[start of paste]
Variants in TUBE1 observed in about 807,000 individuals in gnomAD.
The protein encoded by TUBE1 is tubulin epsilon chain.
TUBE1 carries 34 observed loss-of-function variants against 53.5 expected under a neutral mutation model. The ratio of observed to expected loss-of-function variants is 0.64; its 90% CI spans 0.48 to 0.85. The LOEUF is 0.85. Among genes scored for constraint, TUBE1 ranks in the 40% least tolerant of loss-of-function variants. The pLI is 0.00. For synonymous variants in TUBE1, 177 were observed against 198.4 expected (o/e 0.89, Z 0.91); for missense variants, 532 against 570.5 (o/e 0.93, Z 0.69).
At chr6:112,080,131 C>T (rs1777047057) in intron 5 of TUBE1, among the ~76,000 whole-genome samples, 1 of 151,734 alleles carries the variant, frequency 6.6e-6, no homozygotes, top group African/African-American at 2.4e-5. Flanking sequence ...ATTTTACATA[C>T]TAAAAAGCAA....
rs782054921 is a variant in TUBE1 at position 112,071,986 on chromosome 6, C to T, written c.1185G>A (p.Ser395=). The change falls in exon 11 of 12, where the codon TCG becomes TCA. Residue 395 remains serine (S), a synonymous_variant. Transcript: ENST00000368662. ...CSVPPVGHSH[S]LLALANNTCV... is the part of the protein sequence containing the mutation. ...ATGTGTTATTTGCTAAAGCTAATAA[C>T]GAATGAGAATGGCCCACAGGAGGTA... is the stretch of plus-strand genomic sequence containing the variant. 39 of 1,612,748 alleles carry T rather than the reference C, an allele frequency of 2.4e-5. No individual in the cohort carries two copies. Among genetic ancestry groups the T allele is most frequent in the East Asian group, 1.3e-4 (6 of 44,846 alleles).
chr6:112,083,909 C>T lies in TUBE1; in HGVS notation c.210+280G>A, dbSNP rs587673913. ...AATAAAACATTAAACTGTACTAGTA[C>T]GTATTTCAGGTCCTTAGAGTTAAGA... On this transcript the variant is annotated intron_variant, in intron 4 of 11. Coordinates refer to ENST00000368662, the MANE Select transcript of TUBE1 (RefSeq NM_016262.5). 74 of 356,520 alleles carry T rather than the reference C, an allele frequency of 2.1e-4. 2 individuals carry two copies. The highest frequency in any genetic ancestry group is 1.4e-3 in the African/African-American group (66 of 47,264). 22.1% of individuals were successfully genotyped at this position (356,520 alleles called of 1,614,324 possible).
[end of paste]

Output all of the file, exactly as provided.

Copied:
Variants in TUBE1 observed in about 807,000 individuals in gnomAD.
The protein encoded by TUBE1 is tubulin epsilon chain.
TUBE1 carries 34 observed loss-of-function variants against 53.5 expected under a neutral mutation model. The ratio of observed to expected loss-of-function variants is 0.64; its 90% CI spans 0.48 to 0.85. The LOEUF is 0.85. Among genes scored for constraint, TUBE1 ranks in the 40% least tolerant of loss-of-function variants. The pLI is 0.00. For synonymous variants in TUBE1, 177 were observed against 198.4 expected (o/e 0.89, Z 0.91); for missense variants, 532 against 570.5 (o/e 0.93, Z 0.69).
At chr6:112,080,131 C>T (rs1777047057) in intron 5 of TUBE1, among the ~76,000 whole-genome samples, 1 of 151,734 alleles carries the variant, frequency 6.6e-6, no homozygotes, top group African/African-American at 2.4e-5. Flanking sequence ...ATTTTACATA[C>T]TAAAAAGCAA....
rs782054921 is a variant in TUBE1 at position 112,071,986 on chromosome 6, C to T, written c.1185G>A (p.Ser395=). The change falls in exon 11 of 12, where the codon TCG becomes TCA. Residue 395 remains serine (S), a synonymous_variant. Transcript: ENST00000368662. ...CSVPPVGHSH[S]LLALANNTCV... is the part of the protein sequence containing the mutation. ...ATGTGTTATTTGCTAAAGCTAATAA[C>T]GAATGAGAATGGCCCACAGGAGGTA... is the stretch of plus-strand genomic sequence containing the variant. 39 of 1,612,748 alleles carry T rather than the reference C, an allele frequency of 2.4e-5. No individual in the cohort carries two copies. Among genetic ancestry groups the T allele is most frequent in the East Asian group, 1.3e-4 (6 of 44,846 alleles).
chr6:112,083,909 C>T lies in TUBE1; in HGVS notation c.210+280G>A, dbSNP rs587673913. ...AATAAAACATTAAACTGTACTAGTA[C>T]GTATTTCAGGTCCTTAGAGTTAAGA... On this transcript the variant is annotated intron_variant, in intron 4 of 11. Coordinates refer to ENST00000368662, the MANE Select transcript of TUBE1 (RefSeq NM_016262.5). 74 of 356,520 alleles carry T rather than the reference C, an allele frequency of 2.1e-4. 2 individuals carry two copies. The highest frequency in any genetic ancestry group is 1.4e-3 in the African/African-American group (66 of 47,264). 22.1% of individuals were successfully genotyped at this position (356,520 alleles called of 1,614,324 possible).